Winchester Castle was largely destroyed by that spoilsport Oliver Cromwell after 1645. Only the Great Hall remains and it is now the responsibility of the County of Hampshire.

The Great Hall makes the most of its sketchy connection to King Arthur. I’ve seen Excalibur and read a bit about it, but I admit my knowledge has some big blanks, so I was excited to read Rosie Schaap’s New York Times travel article, “King Arthur Slept Here (Maybe).” She asserts that the places to visit if you are interested in an Arthurian pilgrimage are Glastonbury, Tintagel, Totnes and Padstow. Her article then goes on to describe the kind of new age and coven-catering shops you can find almost anywhere in California. None of her experiences relate to King Arthur. Perhaps Avalon is best left to the imagination.

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10 Reasons to Return to Copenhagen

There is just too much to do in Copenhagen and I only had 2 full days. I loved every minute so it is a matter of when, not if, I return to Copenhagen.

Here are the 10 activities I look forward to (and with my grandkids someday):

  1. I really hoped that I could have rented a bike and searched for the Giants in a scavenger hunt. Next time.
  2. The Resistance Museum was closed due to fire damage in 2013 and will reopen at the end of 2018. Next time, or the time after that.
  3. I drooled over the royal horses training in the arena and in the future I will visit the Royal Stables.  IMG_1132
  4. Denmark has made such a big impression for a small country of 5.5 million people on the world of design. In the future I will check out the Design Museum Denmark.
  5. I only lightly sampled the world of desserts and pastries. In the future I will try the Bertel‘s cheesecake.
  6. When my grandson Calvin is old enough, we will go to Tivoli Gardens amusement park for the day. IMG_1295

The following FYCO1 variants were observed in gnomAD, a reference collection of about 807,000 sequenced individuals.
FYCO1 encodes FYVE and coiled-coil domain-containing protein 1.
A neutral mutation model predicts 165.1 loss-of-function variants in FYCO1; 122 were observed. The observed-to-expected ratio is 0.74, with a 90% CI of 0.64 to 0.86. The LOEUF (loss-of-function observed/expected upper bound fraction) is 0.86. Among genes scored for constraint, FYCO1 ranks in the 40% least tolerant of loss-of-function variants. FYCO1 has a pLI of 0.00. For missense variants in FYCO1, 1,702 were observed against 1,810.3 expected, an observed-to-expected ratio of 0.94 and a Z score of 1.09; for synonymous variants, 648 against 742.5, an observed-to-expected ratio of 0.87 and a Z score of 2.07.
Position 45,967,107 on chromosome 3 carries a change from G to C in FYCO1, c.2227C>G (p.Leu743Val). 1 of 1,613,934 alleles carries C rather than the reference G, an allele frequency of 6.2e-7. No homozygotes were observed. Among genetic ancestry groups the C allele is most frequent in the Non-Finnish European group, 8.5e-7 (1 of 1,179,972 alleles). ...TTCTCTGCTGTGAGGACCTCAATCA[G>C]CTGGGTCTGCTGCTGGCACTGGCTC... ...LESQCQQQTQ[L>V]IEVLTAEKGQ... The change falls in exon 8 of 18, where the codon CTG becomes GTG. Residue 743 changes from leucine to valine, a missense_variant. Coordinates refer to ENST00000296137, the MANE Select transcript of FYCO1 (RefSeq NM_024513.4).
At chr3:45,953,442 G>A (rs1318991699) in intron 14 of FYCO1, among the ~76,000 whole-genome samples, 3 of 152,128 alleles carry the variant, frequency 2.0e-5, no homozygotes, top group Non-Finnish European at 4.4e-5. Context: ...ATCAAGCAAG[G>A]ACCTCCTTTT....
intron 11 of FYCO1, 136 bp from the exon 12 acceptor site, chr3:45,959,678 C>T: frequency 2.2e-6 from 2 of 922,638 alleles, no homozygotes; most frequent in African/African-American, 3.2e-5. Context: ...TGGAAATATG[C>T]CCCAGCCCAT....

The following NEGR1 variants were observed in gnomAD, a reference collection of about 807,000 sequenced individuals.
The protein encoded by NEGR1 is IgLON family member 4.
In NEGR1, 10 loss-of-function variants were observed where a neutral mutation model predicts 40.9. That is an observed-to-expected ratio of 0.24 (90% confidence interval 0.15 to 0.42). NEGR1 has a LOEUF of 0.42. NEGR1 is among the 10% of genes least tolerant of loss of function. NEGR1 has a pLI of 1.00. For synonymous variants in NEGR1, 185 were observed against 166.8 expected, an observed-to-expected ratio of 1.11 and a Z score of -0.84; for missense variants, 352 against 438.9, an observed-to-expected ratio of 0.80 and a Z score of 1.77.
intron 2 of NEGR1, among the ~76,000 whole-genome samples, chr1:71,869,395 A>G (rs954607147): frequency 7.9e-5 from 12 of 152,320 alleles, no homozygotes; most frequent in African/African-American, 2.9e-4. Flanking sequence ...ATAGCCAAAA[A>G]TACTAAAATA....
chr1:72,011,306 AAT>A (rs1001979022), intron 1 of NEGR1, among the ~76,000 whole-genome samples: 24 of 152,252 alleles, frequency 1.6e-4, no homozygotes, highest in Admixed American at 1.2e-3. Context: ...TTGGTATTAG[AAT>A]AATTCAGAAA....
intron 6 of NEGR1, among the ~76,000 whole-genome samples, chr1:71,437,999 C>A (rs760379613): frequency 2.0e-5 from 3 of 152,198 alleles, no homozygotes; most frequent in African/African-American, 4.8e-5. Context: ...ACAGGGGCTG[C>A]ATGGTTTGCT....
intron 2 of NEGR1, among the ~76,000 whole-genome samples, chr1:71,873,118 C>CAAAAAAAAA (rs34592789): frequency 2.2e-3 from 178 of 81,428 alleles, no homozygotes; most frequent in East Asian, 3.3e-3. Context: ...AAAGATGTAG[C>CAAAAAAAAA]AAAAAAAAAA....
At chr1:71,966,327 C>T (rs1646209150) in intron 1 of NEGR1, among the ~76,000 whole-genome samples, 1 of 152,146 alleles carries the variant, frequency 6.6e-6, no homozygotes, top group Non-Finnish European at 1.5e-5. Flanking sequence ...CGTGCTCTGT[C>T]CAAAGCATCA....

7. Several people suggested taking the boat tour through the canals and rivers of Copenhagen. I opted for the bike tour. Next time.
  8. I’m fascinated by the history of Denmark. In the future I will visit the Museum of National History Denmark.
  9. The oldest sweet shop in Copenhagen awaits. Must taste La Glace.
  10. Finally, and it is a two-day trip, I will take my grandson (and any other grandkids) with my new LEGO VIP card to Billund to the Danish LEGOland!

P.S. What I won’t be doing is using these two guide books to plan my future visits. They were both very disappointing and the maps particularly frustrating. TripAdvisor provided my most useful information.

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To be fair, I first read about the Louisiana MOMA in the Analogue Guide.

Dining Out in Copenhagen: a city of great food

Thanks to Bike Mike, I had two great places to eat dinner and two nights available. The “Paper Island” is a warehouse filled with lots of street food. (A lot like the Portland street food but with a roof and lots of picnic tables.) And the other recommendation was for 108, a bistro started by noma alumni Kristian Baumann. The front desk staff at Absalom Hotel called 108. A table for one was available at 5 or 9 on either open evening. The restaurant also said they only take reservations for half their tables so I could try walking in at another time.